Archives: RMAN-06172 when restoring a controlfile and dNFS is not turned on
Oracle EE 188.8.131.52 on Linux x86-64.
I got a really surprising error message today when setting up a new data guard standby database.
I created a standby controlfile as usual and placed it on a common NFS share accessible also to the new data guard host:
SQL> alter database create standby controlfile as '/nfs/install/oemdb/cf2.f'; Database altered.
Now, on a new node I tried to restore that controlfile, but got a really surprising RMAN-06172: no AUTOBACKUP found or specified handle is not a valid copy or piece. This shouldn’t happen, it is just stored on a common NFS share, file should not be damaged.
RMAN> restore controlfile from '/nfs/install/oemdb/cf2.f'; Starting restore at 20-MAY-16 using channel ORA_DISK_1 RMAN-00571: =========================================================== RMAN-00569: =============== ERROR MESSAGE STACK FOLLOWS =============== RMAN-00571: =========================================================== RMAN-03002: failure of restore command at 05/20/2016 12:58:33 RMAN-06172: no AUTOBACKUP found or specified handle is not a valid copy or piece
Although the error message does not say it, but I remembered that I had mounted the NFS using SOFT mount option and when trying to restore datafiles from soft mounted NFS shared you will usually get ORA-27054: NFS file system not mounted with correct options, unless you have turned on Direct-NFS on the database kernel. So I just wondered, maybe this is the real error message in this case also.
After turning on Direct NFS, restoring the control file worked as expected:
[email@example.com oemdb]$ cd $ORACLE_HOME/rdbms/lib [firstname.lastname@example.org lib]$ make -f ins_rdbms.mk dnfs_on rm -f /u01/app/oracle/product/184.108.40.206/db/lib/libodm11.so; cp /u01/app/oracle/product/220.127.116.11/db/lib/libnfsodm11.so /u01/app/oracle/product/18.104.22.168/db/lib/libodm11.so [email@example.com lib]$ sqlplus / as sysdba SQL*Plus: Release 22.214.171.124.0 Production on Fri May 20 13:01:56 2016 Copyright (c) 1982, 2013, Oracle. All rights reserved. Connected to an idle instance. SQL> startup nomount ORACLE instance started. Total System Global Area 9620525056 bytes Fixed Size 2261368 bytes Variable Size 2449477256 bytes Database Buffers 7147094016 bytes Redo Buffers 21692416 bytes SQL> Disconnected from Oracle Database 11g Enterprise Edition Release 126.96.36.199.0 - 64bit Production With the Partitioning, OLAP, Data Mining and Real Application Testing options [firstname.lastname@example.org lib]$ rman target / Recovery Manager: Release 188.8.131.52.0 - Production on Fri May 20 13:02:14 2016 Copyright (c) 1982, 2011, Oracle and/or its affiliates. All rights reserved. connected to target database: OEM (not mounted) RMAN> restore controlfile from '/nfs/install/oemdb/cf2.f'; Starting restore at 20-MAY-16 using target database control file instead of recovery catalog allocated channel: ORA_DISK_1 channel ORA_DISK_1: SID=474 device type=DISK channel ORA_DISK_1: copied control file copy output file name=+DATA/oem/controlfile/current.257.912344539 Finished restore at 20-MAY-16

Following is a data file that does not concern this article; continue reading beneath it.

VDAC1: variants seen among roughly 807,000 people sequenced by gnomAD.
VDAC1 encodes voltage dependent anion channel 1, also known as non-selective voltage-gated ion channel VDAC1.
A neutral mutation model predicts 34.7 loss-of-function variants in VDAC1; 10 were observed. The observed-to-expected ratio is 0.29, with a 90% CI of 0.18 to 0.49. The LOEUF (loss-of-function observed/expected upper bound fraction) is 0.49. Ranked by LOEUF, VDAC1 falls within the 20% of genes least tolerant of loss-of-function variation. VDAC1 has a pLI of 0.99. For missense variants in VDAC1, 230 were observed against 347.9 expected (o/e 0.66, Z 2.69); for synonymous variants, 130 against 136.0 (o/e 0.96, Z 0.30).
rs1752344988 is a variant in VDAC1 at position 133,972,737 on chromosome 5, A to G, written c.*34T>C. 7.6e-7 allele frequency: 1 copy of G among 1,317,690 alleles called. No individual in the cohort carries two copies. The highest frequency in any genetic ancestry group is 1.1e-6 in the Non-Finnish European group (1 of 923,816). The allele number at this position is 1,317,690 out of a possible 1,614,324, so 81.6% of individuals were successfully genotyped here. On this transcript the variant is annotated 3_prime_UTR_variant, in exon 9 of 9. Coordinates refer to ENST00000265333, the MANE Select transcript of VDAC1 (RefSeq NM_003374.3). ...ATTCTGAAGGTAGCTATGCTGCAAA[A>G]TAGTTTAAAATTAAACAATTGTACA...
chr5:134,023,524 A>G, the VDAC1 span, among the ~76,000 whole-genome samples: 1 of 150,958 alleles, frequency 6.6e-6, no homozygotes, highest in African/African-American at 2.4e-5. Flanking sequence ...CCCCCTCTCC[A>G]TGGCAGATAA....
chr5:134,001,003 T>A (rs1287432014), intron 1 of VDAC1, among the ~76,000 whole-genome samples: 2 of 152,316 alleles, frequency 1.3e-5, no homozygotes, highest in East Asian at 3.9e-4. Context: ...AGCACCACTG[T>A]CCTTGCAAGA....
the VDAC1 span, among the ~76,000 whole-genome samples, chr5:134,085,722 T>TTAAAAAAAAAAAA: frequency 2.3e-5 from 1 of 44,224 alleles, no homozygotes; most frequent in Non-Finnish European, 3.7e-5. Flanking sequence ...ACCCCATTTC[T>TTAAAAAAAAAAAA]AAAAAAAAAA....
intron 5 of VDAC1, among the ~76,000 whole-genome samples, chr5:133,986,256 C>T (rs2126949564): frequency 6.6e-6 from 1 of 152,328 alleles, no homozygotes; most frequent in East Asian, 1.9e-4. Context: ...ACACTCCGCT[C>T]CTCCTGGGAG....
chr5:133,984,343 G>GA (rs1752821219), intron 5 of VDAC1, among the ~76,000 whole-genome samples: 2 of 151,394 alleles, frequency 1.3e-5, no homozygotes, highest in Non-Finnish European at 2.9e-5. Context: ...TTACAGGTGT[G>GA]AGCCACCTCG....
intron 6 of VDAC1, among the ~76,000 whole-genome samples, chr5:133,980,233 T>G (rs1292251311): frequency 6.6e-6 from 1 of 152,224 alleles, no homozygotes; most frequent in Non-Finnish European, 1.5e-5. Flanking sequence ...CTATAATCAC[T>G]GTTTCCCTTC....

The NFS share was mounted using options:
type nfs (rw,bg,soft,rsize=32768,wsize=32768,tcp,nfsvers=3,timeo=600,addr=10.10.10.10)
Archives: Presenting “Using image copies for Oracle database backups” at ilOUG Tech Days 2016
I’ll be presenting my brand new presentation “Using image copies for Oracle database backups” at ilOUG Tech Days on 30. May in Israel.
More information about the event can be found here
Abstract of my presentation:
When databases get ever larger and larger, backing them up using traditional RMAN backupsets will quickly get unfeasible. Completing a backup requires too much time and resources, but more importantly the same also applies to restores. RMAN has always provided a solution as incrementally updated image copies, but they are much less manageable than backupsets. This presentation goes into detail on how to successfully implement incrementally updated image copy backups, automate them and implement features that together with a capable storage system can provide almost everything that Oracle ZDLRA promises and beyond.
Looking forward to the event!